Dr. Catherine Neish stands atop one of the Kelso Dunes in the Mohave Dessert, California. Check out her website to learn more about her publications, activities and to view a slideshow of Catherine in front of things geologic.
We come now to our tenth episode. For those of you who think in astronomical terms, that means that we have increased our repertoire by an order of magnitude since our first presentation! For our tenth, we introduce a new interviewer to the mix - Marianne Mader. Her choice of interview subject is one whom I know well. My office mate for nearly four years at the University of Arizona and Titan expert, Dr. Catherine Neish of APL at Johns Hopkins. Those regular readers of this blog will know that nearly two years ago, I interviewed Dr. Neish for our sister program "York Universe." Luckily for us, she has always had time to speak to us and to you about the goings on out at Titan and close to home with our Moon.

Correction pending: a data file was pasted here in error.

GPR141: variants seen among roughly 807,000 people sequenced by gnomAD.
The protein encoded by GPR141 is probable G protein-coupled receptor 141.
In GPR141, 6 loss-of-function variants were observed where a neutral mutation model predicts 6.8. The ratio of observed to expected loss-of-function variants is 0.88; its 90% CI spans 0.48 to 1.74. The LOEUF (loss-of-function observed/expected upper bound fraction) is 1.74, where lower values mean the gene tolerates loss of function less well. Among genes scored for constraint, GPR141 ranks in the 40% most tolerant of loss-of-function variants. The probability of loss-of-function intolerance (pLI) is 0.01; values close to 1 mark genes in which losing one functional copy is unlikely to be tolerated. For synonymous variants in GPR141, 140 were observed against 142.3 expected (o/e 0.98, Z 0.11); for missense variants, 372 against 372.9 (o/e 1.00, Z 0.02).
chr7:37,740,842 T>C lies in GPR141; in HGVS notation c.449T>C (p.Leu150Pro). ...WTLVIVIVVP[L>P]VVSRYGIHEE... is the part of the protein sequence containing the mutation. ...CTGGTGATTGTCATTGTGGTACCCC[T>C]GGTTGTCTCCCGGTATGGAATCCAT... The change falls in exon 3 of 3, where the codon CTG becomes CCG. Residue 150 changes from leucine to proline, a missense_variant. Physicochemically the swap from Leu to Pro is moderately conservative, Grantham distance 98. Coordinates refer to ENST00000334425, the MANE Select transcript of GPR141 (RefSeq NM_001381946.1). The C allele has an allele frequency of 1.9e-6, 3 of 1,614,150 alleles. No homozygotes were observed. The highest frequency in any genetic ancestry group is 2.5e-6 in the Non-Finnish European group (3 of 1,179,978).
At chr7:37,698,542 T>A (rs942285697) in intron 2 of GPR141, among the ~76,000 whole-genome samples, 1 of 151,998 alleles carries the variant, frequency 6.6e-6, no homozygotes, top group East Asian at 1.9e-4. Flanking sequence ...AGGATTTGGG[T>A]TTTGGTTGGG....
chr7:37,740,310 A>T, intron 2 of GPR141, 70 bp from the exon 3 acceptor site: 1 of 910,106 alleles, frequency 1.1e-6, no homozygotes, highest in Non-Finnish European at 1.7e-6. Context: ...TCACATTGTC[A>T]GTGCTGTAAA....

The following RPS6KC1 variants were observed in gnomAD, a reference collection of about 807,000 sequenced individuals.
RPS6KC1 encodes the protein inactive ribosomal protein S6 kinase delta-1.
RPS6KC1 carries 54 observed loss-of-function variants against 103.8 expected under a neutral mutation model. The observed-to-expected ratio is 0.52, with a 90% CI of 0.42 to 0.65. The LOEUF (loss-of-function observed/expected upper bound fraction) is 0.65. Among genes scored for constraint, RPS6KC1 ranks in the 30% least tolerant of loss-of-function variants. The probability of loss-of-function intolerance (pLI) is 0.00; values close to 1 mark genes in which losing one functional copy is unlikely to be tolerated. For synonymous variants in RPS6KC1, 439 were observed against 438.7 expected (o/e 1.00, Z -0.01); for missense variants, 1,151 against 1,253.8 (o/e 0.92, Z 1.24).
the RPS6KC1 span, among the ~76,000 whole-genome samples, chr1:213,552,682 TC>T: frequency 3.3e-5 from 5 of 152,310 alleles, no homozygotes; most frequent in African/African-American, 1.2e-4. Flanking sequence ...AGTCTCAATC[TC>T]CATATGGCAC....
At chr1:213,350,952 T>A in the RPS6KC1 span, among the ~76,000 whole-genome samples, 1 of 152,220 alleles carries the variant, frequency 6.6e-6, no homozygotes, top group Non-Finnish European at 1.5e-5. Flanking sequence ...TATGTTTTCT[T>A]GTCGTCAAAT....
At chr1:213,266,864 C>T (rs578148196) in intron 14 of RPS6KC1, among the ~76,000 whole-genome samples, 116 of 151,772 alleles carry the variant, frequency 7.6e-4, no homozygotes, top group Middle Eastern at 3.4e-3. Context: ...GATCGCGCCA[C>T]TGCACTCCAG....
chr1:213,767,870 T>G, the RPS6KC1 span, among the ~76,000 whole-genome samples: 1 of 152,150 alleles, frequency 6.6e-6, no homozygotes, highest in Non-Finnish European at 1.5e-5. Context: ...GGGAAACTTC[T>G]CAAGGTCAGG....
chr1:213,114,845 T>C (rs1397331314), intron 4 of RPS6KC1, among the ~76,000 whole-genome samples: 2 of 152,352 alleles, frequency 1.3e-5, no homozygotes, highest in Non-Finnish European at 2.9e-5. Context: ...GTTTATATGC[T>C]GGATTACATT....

In that respect, Dr. Neish is somewhat unique, someone who works across the solar system, but mainly on satellites instead of their primaries. However, Titan is large enough that it can be considered a world in its own right and in many ways is as interesting if not more so than some full-fledged planetary bodies. I've always been impressed by Dr. Neish's ability to make a lasting contribution no matter where she goes and you can include our analogue space missions here at Western University in that mix. Last summer, she was an integral member of Mission Control.
The ILSR Analogue Team relaxes at the Grad Club following the successful completion of week one of operations. Your humble narrator is located at the end of the table, clutching a green concoction. Catherine is at right (my left). Incidentally, WW Co-Host Raymond Francis can be seen at my right and Marianne Mader is second from the right.
As usual, my introduction can be found beneath the cut.